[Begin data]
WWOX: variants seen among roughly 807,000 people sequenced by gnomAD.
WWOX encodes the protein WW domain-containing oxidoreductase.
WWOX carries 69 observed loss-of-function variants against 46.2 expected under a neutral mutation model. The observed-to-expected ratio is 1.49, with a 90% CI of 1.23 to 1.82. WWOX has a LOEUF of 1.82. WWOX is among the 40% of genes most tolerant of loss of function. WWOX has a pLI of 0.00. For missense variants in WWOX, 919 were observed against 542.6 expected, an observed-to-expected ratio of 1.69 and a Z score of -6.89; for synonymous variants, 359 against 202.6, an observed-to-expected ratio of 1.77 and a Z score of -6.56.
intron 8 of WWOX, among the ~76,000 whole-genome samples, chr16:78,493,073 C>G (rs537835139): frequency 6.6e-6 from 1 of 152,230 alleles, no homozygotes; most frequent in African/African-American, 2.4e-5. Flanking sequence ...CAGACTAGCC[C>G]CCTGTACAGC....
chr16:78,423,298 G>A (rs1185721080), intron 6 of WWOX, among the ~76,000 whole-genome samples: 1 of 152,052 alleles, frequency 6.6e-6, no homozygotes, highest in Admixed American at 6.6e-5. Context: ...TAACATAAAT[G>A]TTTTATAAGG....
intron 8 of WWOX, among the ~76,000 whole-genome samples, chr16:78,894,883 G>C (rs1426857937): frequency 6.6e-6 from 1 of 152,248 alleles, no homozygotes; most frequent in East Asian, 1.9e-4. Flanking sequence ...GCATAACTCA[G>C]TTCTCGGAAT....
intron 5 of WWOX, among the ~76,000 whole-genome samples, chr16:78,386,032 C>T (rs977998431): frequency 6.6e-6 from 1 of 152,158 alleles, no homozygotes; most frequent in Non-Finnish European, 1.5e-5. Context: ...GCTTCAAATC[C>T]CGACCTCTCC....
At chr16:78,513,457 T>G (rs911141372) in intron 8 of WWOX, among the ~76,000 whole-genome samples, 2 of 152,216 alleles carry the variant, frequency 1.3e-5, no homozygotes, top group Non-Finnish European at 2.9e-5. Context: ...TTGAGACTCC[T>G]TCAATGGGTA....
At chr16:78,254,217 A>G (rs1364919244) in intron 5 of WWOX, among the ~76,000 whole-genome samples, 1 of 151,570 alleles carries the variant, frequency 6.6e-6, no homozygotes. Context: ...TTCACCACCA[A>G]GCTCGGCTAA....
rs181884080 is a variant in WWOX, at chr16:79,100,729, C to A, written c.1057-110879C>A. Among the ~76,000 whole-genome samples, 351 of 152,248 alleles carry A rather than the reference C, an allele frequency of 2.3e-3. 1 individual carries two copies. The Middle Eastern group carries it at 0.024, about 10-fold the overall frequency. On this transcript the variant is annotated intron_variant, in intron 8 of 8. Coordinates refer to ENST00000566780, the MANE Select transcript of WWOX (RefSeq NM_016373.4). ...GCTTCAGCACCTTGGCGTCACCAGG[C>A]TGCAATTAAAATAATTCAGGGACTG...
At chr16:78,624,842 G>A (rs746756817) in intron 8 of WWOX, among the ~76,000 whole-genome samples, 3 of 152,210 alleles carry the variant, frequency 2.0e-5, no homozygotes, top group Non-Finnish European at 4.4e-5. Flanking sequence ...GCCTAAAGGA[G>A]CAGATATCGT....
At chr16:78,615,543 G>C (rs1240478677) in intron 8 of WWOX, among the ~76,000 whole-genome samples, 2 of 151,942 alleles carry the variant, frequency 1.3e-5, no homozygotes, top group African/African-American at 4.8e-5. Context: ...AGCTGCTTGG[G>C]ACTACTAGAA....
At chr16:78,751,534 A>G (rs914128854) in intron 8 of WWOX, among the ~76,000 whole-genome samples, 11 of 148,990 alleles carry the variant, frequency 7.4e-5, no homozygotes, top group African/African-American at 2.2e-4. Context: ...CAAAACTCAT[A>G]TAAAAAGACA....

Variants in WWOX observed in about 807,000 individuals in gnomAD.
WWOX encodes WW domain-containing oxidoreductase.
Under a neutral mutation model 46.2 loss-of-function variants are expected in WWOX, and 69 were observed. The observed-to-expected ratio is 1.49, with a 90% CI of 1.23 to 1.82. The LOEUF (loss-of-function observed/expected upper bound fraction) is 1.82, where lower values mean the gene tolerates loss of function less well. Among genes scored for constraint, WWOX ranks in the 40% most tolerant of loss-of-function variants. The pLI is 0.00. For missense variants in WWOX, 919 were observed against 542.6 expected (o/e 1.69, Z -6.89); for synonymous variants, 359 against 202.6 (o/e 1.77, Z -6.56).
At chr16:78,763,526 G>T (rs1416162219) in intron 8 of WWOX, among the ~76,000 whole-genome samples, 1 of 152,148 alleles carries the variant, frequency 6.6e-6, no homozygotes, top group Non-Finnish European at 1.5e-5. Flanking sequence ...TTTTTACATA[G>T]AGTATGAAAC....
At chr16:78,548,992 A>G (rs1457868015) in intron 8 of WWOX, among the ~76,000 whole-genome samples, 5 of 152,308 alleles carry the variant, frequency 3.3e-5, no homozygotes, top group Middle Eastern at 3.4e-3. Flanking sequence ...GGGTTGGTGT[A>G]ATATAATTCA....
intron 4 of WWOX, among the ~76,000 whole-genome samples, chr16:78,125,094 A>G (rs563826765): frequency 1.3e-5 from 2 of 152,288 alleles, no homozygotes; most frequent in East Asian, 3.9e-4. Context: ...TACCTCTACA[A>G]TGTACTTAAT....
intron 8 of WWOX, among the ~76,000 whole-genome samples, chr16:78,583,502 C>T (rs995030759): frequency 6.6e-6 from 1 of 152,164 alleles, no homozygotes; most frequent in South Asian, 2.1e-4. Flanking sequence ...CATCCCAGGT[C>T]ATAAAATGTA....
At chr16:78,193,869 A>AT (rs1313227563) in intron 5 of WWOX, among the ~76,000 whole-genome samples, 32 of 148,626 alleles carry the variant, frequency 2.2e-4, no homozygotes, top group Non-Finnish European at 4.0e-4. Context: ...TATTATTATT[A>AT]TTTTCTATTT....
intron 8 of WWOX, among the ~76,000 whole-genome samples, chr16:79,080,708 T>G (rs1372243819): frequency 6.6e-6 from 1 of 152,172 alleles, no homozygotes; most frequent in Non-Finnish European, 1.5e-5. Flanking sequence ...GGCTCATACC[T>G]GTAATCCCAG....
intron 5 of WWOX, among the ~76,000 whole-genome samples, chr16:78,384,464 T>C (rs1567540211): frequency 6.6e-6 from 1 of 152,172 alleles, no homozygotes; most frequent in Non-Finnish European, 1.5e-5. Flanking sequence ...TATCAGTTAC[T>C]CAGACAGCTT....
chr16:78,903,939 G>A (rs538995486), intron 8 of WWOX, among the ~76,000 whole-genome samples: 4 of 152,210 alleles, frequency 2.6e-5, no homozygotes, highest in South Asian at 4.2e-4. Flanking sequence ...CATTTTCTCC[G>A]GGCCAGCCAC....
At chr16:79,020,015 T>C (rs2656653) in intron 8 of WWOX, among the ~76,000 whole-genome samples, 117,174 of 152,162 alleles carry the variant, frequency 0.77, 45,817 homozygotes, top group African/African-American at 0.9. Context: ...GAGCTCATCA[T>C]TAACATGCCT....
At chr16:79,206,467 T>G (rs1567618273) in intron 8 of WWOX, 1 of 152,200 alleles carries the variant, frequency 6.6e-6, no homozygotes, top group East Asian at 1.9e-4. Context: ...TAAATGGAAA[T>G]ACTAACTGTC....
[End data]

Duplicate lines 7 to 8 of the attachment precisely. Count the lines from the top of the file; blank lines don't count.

intron 5 of WWOX, among the ~76,000 whole-genome samples, chr16:78,386,032 C>T (rs977998431): frequency 6.6e-6 from 1 of 152,158 alleles, no homozygotes; most frequent in Non-Finnish European, 1.5e-5. Context: ...GCTTCAAATC[C>T]CGACCTCTCC....
At chr16:78,513,457 T>G (rs911141372) in intron 8 of WWOX, among the ~76,000 whole-genome samples, 2 of 152,216 alleles carry the variant, frequency 1.3e-5, no homozygotes, top group Non-Finnish European at 2.9e-5. Context: ...TTGAGACTCC[T>G]TCAATGGGTA....